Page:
Generate interest and define an agenda: Speakers can tweet to build enthusiasm for their talk or to find out what attendees hope to get out of it.
After-service follow-up: Remind your congregation of the resources mentioned during services by posting links to more information.
Request help: Ask for volunteers, donations, or prayers.
Live coverage: Through live-coverage commentary about events, you can include people who were unable to participate. For those who chose not to participate, live-coverage Tweets might entice them to join you next time.
Site traffic: As a viral tool, Twitter directs traffic to your Web site. By asking your followers to tweet about something your church is doing, your news will quickly be sent far beyond your Twitter reach.
Job postings: If your church or someone in your congregation is hiring, or if someone is looking for a job, you can use Twitter to announce it.
Branding: A benefit of Twitter is that it can establish your church as a personality that is connected, dynamic and approachable.
Feedback: Through Twitter’s search feature and services such as TweetDeck, you can “listen” to what is being said about your church.
Develop a strategy
Like many social media tools, Twitter requires an ongoing investment. It needs to fit within your overall communications mix. In addition, you need to identify how you expect it to support your initiatives.
“Before you start using Twitter, you should have a strategy. You have to think about what you hope to accomplish by using Twitter. Otherwise, it’s just one more thing to do,” says Cizek. “I would encourage other churches that are just starting to tweet to focus on quality over quantity. Sure, you need to remain active, but don’t overwhelm your audience.”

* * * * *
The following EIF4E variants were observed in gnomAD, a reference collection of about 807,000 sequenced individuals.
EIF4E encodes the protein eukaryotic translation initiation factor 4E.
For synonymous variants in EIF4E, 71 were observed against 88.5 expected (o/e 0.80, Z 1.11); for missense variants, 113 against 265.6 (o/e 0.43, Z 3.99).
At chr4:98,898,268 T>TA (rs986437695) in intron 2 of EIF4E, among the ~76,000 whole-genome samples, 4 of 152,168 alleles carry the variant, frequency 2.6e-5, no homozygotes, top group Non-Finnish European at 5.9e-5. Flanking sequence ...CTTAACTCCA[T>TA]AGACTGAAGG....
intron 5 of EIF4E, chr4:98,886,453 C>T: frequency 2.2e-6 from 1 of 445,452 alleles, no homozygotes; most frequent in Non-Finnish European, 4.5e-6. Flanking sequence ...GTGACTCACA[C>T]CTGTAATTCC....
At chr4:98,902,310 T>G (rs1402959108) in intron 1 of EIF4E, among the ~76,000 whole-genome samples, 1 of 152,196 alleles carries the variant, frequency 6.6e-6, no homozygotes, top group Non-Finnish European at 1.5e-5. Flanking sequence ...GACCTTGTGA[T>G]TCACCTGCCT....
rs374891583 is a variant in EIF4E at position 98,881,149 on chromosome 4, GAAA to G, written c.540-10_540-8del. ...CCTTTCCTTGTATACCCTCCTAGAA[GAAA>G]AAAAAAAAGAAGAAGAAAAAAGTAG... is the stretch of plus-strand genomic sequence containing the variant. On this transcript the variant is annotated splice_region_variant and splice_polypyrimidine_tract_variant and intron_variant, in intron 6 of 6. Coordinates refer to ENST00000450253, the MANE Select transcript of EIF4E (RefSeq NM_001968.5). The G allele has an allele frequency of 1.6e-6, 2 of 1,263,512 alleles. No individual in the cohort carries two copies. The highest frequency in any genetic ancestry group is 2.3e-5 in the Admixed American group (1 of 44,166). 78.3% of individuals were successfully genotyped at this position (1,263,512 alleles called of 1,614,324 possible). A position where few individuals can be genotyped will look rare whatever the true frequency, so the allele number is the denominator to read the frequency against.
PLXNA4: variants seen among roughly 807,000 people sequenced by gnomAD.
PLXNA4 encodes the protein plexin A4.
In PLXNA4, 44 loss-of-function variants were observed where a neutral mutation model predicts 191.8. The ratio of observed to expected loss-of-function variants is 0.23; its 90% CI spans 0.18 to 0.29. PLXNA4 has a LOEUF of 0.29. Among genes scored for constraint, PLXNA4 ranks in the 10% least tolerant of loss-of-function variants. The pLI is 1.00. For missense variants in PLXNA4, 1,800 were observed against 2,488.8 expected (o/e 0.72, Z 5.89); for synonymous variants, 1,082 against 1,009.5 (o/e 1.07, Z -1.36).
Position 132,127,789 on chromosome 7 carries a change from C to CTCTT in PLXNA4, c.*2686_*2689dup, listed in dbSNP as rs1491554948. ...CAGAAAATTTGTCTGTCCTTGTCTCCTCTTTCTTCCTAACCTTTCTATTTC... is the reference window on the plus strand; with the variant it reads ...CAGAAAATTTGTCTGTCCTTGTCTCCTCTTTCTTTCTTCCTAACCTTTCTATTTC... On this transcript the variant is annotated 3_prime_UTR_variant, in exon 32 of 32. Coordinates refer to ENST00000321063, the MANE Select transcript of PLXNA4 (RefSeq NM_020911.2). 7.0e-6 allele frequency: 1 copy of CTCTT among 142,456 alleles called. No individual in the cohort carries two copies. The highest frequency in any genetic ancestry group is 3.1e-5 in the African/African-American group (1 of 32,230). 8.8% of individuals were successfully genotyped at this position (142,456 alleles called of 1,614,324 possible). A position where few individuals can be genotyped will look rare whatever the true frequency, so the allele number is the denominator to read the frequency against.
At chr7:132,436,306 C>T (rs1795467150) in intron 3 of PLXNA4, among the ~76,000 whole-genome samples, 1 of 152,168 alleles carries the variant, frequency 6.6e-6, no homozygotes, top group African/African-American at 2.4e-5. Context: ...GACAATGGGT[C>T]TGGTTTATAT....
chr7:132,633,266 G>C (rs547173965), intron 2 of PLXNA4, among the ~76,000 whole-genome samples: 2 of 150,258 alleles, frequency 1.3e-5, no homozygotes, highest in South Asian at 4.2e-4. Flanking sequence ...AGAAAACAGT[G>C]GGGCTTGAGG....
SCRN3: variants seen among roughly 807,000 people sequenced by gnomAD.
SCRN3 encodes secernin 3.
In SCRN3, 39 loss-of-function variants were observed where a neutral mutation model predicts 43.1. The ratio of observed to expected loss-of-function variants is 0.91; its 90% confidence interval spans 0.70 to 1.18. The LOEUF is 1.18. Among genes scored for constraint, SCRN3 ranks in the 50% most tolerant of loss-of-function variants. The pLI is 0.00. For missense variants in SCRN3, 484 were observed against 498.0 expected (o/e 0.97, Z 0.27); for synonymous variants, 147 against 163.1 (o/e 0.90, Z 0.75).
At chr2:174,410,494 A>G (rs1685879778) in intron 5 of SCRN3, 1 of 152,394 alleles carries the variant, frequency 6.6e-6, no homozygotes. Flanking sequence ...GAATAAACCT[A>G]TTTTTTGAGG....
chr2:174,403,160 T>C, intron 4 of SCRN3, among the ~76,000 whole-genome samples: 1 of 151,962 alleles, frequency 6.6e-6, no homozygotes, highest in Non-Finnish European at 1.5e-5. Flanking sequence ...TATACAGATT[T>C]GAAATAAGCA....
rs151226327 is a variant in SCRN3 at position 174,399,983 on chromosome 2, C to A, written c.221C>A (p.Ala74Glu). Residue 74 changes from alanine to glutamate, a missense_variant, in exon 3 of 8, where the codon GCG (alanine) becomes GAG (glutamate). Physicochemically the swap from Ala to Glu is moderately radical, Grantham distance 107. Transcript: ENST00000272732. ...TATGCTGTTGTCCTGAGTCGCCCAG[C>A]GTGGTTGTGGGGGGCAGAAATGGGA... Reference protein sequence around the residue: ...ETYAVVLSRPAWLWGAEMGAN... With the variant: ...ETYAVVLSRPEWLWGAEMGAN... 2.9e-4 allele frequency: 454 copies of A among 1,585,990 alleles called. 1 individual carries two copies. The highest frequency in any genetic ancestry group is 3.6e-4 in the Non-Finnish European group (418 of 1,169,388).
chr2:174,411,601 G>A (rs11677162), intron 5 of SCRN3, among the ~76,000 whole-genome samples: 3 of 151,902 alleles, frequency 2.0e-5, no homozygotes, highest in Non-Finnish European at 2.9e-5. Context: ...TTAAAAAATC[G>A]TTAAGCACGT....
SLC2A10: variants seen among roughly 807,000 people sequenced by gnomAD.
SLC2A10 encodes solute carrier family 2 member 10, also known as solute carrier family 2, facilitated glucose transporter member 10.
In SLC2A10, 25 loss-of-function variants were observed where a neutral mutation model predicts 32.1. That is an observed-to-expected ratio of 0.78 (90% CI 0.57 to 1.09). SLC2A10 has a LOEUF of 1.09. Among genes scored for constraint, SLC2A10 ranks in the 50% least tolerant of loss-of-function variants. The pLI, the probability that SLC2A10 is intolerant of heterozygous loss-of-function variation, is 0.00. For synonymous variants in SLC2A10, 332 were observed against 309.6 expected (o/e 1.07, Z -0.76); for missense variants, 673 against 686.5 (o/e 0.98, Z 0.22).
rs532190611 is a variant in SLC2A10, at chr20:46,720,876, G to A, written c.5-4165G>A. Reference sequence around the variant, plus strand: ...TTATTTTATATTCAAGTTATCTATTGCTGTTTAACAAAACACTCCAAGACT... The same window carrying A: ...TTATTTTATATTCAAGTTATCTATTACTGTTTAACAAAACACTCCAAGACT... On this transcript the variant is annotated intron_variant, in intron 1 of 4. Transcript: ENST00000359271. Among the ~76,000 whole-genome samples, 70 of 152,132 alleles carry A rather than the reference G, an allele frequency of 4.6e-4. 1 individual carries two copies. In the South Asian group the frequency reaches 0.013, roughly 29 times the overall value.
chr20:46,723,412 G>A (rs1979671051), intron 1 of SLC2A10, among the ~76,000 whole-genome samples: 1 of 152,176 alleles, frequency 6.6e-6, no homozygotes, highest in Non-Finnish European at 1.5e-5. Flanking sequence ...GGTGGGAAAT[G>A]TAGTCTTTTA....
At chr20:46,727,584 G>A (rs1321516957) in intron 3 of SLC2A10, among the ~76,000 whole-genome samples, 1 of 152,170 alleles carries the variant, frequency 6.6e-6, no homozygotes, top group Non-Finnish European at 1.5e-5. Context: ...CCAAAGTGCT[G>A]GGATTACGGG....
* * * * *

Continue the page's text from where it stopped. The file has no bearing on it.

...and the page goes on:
Here are some specific components to include in your plan:
1. Identify your audience (current and potential). What kind of resources and information do they want from you?
2. Define your objectives. What do you hope to achieve by using Twitter? For example, do you want to engage your followers, grow your community, promote your events, or perhaps all of those?
3. Develop your overall message. What do you want to accomplish through your messages? For example, do you want to inform your followers, inspire them, call them to action, or simply connect with them?
4. Define the process. How will it be administered? How much time will be allocated? Will you develop a weekly or monthly editorial calendar for Tweets? What policies should be followed?
5. Identify how you will measure your results. Evaluate your results against your objectives. Did you increase attendance at an event through Twitter? Did you see an increase in video downloads?
Start building followers
Like other social media tools, your church’s Twitter following will build over time. Start by signing up at Twitter.com. Once you have a profile, conduct a search on the site using terms related to your church to see what content already exists. Seek examples of how similar churches are using Twitter.
Once you have started using Twitter, start educating your members about your Twitter presence. Remember, in a tight economy, leveraging free social media tools allows churches to maximize their reach without breaking their budgets.
Jennifer Michalek is a freelance writer and the chief communications officer of a national medical society in Chicago, IL.
Examples of churches using Twitter